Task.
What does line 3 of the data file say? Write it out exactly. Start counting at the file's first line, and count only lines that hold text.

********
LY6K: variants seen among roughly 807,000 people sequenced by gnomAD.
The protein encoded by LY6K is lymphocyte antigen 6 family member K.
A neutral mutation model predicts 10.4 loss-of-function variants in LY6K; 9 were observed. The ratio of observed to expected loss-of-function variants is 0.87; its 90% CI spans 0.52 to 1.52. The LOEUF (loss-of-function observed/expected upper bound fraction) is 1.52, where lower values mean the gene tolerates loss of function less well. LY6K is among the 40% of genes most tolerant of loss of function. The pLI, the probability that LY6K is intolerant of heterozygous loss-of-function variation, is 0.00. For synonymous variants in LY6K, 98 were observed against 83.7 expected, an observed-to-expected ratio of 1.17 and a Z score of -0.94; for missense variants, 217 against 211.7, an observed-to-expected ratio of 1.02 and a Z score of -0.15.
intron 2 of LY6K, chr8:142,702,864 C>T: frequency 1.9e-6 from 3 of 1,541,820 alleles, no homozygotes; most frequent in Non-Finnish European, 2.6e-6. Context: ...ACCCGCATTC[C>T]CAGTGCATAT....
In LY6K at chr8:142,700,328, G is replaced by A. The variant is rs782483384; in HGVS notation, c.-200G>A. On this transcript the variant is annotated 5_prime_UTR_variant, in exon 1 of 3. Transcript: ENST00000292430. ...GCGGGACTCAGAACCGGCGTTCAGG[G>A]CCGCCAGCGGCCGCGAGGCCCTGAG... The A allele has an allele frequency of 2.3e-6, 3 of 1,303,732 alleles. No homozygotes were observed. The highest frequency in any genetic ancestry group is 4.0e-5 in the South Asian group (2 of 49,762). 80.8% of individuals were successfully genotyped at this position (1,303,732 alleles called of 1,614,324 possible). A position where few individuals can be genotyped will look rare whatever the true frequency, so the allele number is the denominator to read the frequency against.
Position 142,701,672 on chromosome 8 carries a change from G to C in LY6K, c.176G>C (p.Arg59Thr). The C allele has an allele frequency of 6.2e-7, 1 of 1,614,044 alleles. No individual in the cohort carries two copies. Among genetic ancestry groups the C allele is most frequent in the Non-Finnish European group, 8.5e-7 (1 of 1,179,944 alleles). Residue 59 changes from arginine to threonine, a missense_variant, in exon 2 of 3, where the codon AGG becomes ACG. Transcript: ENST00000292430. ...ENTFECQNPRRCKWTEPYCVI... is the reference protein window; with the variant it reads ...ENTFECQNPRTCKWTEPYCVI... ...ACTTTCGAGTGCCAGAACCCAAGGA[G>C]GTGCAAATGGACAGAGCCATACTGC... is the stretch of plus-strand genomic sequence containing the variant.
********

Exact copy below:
A neutral mutation model predicts 10.4 loss-of-function variants in LY6K; 9 were observed. The ratio of observed to expected loss-of-function variants is 0.87; its 90% CI spans 0.52 to 1.52. The LOEUF (loss-of-function observed/expected upper bound fraction) is 1.52, where lower values mean the gene tolerates loss of function less well. LY6K is among the 40% of genes most tolerant of loss of function. The pLI, the probability that LY6K is intolerant of heterozygous loss-of-function variation, is 0.00. For synonymous variants in LY6K, 98 were observed against 83.7 expected, an observed-to-expected ratio of 1.17 and a Z score of -0.94; for missense variants, 217 against 211.7, an observed-to-expected ratio of 1.02 and a Z score of -0.15.